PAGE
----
That also has a negative effect on the other pieces in the programme, in particular the two organ works. However, the fact that they are disappointing is largely due to the interpretation and the organ. In particular the performance of the Passacaglia in c minor is rather rigid, and the tempo is too slow. The organ dates from 1973 and was built by Metzler; it is a representative of what is known as the 'neo baroque' style in organ building. Its sound is rather aggressive and cold; such organs miss any vocal quality and are hardly appropriate for Bach's organ works.
The second vocal work is the Easter cantata Christ lag in Todesbanden (BWV 4). It is not entirely clear, when it was composed. It is assumed that it must have been written before 1714, maybe as early as 1707/08. This is a chorale cantata in which all verses of the chorale are set to music. It has a symmetric structure: after the sinfonia the first verse is for 4 voices and instruments, like the last. In the centre is the 4th verse, again for 4 voices and instruments, and this is surrounded by two duets and two solos. As in most recordings, the last section here is a four-part chorale setting; this was not part of the original version but of a copy from 1724/25. There is much debate about the number of singers Bach used in his sacred vocal works in Leipzig, but there can be little doubt, that the cantatas he composed before his Leipzig period were performed by solo voices. From that perspective the use of a chamber choir in this cantata is inappropriate. In the third verse the tenor sings the unornamented cantus firmus; it is sung here by the tenors from the choir, which is very odd. The second verse is a duet for soprano and alto; although the balance between the voices is less than ideal, this is one of the best parts of this performance, alongside the duet for soprano and tenor (verse 6). Verse 5 is an aria for bass; the soloist (Ricardo Bojorquez Martinez?) is too operatic and rather pathetic; his singing is marred by vibrato and the low notes are too weak. The Domkantorei St. Pölten is a pretty good ensemble, and the instrumentalists do a good job. However, as the latter includes only two violins, the balance between choir and instrumental ensemble is rather unsatisfying.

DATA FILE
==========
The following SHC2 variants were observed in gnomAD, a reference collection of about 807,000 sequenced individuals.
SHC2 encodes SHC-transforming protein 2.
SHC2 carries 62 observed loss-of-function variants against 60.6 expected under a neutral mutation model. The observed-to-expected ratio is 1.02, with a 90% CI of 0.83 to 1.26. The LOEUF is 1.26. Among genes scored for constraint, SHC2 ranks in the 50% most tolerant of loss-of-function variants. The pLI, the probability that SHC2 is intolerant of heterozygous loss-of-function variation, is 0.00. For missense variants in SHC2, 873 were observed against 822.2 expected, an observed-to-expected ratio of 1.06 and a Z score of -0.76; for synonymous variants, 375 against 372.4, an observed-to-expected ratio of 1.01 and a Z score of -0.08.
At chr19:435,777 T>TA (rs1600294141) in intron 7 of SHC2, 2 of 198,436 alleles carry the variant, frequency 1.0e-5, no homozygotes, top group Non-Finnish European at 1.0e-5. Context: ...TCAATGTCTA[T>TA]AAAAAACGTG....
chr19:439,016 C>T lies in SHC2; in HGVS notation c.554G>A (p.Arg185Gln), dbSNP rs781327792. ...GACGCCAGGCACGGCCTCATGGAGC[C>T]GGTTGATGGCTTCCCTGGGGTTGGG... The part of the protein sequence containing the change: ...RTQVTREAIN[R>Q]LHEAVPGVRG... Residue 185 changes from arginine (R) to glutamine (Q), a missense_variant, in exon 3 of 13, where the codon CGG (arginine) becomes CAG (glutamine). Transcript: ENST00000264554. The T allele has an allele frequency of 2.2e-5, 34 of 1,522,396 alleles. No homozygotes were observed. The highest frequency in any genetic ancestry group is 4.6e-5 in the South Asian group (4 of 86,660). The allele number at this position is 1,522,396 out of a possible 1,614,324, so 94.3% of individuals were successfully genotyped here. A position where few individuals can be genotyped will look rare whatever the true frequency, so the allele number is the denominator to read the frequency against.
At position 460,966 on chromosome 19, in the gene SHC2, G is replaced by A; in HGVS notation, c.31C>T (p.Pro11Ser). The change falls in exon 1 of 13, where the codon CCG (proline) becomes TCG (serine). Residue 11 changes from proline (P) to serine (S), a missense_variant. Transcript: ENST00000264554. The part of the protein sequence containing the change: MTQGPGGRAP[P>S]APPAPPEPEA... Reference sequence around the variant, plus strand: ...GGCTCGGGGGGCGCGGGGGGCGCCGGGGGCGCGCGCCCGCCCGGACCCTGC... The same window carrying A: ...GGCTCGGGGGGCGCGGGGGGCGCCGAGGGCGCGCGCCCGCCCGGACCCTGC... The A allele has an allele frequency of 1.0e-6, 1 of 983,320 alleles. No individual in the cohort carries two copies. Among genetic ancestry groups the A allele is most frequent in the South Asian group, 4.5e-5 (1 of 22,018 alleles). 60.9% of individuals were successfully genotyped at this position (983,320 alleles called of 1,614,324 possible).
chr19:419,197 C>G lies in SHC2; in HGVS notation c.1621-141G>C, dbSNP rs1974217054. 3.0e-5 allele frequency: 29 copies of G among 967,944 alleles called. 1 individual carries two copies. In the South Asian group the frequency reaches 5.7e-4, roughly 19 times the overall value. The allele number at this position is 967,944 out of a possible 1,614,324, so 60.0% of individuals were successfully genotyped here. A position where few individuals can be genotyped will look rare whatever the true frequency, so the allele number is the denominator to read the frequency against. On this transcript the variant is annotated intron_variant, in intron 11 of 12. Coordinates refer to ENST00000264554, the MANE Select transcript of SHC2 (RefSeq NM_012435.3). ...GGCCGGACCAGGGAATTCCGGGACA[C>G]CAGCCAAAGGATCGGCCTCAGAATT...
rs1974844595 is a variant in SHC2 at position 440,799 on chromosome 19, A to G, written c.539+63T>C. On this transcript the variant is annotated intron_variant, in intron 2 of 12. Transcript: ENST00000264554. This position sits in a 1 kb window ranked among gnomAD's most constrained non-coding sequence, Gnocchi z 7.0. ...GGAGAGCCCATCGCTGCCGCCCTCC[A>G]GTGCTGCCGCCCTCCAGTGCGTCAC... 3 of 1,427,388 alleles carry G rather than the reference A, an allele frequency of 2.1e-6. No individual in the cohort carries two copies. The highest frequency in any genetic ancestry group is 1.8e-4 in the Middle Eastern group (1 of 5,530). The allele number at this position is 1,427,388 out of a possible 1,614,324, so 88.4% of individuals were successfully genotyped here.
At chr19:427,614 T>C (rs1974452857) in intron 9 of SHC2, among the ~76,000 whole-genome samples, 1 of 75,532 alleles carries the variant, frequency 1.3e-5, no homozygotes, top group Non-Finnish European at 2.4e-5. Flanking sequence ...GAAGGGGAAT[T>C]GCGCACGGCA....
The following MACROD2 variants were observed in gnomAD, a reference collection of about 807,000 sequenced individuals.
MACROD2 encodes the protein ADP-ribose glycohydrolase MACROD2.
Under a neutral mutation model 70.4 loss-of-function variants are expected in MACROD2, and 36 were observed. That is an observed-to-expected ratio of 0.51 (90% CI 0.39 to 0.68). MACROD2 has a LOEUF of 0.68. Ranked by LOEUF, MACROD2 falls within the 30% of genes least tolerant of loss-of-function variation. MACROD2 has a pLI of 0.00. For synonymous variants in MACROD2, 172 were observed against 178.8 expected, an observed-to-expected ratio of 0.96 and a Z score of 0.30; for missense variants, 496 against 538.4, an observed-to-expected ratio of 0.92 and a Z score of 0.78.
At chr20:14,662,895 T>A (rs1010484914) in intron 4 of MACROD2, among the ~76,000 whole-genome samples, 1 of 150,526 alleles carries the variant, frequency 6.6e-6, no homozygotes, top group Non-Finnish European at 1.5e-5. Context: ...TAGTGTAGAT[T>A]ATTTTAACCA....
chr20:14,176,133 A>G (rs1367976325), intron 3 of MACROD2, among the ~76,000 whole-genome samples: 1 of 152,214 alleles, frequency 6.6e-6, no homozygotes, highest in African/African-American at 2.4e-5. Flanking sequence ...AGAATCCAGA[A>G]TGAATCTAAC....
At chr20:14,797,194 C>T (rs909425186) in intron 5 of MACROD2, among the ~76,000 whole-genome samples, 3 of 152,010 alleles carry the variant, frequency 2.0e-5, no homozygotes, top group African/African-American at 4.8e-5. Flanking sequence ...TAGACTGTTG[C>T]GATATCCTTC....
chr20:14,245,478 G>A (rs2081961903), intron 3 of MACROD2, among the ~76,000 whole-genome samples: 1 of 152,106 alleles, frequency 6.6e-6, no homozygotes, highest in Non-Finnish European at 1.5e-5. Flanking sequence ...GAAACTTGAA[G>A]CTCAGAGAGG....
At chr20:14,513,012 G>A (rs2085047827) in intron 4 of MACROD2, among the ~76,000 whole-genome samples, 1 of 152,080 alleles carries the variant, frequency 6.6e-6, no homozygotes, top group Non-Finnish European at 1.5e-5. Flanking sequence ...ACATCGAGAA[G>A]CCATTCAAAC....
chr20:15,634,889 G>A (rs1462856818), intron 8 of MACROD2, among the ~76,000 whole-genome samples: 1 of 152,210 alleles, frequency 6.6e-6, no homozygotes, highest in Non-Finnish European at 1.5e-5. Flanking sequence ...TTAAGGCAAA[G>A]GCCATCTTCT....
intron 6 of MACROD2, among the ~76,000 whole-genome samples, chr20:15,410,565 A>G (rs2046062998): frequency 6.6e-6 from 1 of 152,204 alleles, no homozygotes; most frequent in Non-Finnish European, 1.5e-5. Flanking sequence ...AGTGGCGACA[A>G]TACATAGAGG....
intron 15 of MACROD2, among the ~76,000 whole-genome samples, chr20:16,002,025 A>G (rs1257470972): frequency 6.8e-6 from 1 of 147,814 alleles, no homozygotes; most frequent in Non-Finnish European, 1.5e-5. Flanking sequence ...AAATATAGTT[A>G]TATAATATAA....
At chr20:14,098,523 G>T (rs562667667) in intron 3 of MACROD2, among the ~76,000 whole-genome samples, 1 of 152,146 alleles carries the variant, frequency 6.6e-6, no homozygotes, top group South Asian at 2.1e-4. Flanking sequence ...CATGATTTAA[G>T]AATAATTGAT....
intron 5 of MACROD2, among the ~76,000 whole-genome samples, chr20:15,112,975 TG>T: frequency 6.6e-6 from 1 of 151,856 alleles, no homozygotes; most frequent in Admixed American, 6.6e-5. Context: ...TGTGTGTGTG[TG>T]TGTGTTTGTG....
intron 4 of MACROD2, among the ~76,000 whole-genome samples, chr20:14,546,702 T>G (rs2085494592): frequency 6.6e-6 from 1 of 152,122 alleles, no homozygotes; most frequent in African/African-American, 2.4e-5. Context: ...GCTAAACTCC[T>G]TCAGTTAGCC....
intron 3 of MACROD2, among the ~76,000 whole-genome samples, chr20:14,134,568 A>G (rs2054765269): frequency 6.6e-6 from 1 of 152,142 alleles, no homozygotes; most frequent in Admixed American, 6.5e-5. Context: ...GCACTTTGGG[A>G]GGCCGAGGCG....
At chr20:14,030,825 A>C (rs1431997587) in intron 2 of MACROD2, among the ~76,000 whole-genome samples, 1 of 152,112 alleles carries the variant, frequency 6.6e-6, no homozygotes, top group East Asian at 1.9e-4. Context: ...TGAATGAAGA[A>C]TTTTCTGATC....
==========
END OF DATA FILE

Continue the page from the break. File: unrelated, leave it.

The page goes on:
I can't think of any particular reason, why the Cantata BWV 4 was selected, as there is no connection whatsoever with the Missa in g minor. The same can be said about the Cantata BWV 80, Ein feste Burg ist unser Gott, in the Carus recording. However, in that case there is a chronological connection: the Lutheran Masses date from the late 1730s, and that is also the time this cantata - at least in the form which has been preserved complete - has been written. Klaus Hofmann, in his liner-notes, suggests that it was intended for Reformation Day 1739, "an occasion when the people of Leipzig looked back on the introduction of the Reformation in the duchy of Saxony in 1539." Apart from the fact that it is based on one of Luther's most famous hymns, it is the brilliant opening chorus, which has earned this cantata its fame. It is followed by a duet for bass and soprano, the latter singing the second verse of the hymn as an unornamented cantus firmus. The lively bass part is given a splendid performance by Peter Harvey, and Sarah Wegener's pure voice is perfectly suited to sing the hymn. The aria 'Komm in mein Herzenshaus' also comes off very well, but Ms Wegener could have done more with the exclamation "weg, schnöder Sündengraus" (leave, scornful sin, from me). David Allsopp and Thomas Hobbs deliver a fine performance of the duet 'Wie selig sind doch die'. The cantata ends with a harmonisation of the last stanza of the hymn.
Although there are some nice moments in the fra bernardo recording, overall it is a rather disappointing affair. All the works performed on that disc are available in better recordings. I am sure that the concert was enjoyable, but not every live performance is good enough to make it to CD. Bernius's performances are of an entirely different class: his soloists and his choir and orchestra are of excellent quality. The only reason not to add this disc to your collection could be the short playing time. But in that case you miss some superb music making.
Johan van Veen (© 2018)
Domkantorei St. Pölten & cappella nova strumentale
Kammerchor & Barockorchester Stuttgart